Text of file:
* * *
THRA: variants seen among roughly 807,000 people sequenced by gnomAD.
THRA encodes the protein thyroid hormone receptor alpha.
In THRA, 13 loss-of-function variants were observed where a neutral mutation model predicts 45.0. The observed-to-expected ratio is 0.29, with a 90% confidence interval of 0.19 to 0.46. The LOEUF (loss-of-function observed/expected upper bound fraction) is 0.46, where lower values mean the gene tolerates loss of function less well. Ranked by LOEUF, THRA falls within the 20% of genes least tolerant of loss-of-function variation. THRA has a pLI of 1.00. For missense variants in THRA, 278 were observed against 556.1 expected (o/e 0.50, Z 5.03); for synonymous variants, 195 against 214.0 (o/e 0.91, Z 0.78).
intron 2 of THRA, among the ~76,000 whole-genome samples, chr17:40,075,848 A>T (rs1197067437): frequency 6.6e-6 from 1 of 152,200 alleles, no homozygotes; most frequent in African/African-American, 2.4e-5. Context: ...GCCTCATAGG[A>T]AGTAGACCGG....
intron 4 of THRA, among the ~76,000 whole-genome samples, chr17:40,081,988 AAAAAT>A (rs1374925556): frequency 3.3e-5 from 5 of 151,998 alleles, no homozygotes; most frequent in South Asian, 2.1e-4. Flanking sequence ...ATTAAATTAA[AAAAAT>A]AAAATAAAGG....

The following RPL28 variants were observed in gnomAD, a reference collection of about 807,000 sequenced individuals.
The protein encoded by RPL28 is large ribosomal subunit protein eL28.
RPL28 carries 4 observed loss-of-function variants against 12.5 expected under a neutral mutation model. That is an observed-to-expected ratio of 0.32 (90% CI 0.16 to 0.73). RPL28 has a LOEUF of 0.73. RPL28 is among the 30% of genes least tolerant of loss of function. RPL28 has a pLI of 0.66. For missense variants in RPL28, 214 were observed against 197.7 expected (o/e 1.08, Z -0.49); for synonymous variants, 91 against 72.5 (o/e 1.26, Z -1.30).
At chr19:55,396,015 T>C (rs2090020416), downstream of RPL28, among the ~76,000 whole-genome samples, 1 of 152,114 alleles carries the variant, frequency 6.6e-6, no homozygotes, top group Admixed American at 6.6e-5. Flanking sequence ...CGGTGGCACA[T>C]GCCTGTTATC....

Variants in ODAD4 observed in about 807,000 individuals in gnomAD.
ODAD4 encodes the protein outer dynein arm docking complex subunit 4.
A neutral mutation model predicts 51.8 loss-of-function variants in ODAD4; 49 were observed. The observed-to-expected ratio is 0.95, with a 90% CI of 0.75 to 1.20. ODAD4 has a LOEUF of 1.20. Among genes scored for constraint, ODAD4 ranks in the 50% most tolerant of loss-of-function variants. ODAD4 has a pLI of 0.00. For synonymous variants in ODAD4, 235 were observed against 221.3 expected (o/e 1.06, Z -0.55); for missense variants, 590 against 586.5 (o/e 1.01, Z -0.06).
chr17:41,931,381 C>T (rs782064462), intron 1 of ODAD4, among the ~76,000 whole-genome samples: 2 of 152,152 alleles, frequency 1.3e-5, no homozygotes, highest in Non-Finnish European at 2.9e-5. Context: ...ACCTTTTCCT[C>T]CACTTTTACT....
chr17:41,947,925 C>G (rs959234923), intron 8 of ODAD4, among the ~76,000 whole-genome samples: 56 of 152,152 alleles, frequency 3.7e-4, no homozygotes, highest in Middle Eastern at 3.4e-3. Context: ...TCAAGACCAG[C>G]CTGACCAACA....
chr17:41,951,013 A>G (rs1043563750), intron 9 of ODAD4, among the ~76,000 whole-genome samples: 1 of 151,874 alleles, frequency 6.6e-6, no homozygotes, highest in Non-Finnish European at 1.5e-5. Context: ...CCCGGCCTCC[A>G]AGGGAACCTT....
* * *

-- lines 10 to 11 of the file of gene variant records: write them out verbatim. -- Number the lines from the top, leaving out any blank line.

Variants in ODAD4 observed in about 807,000 individuals in gnomAD.
ODAD4 encodes the protein outer dynein arm docking complex subunit 4.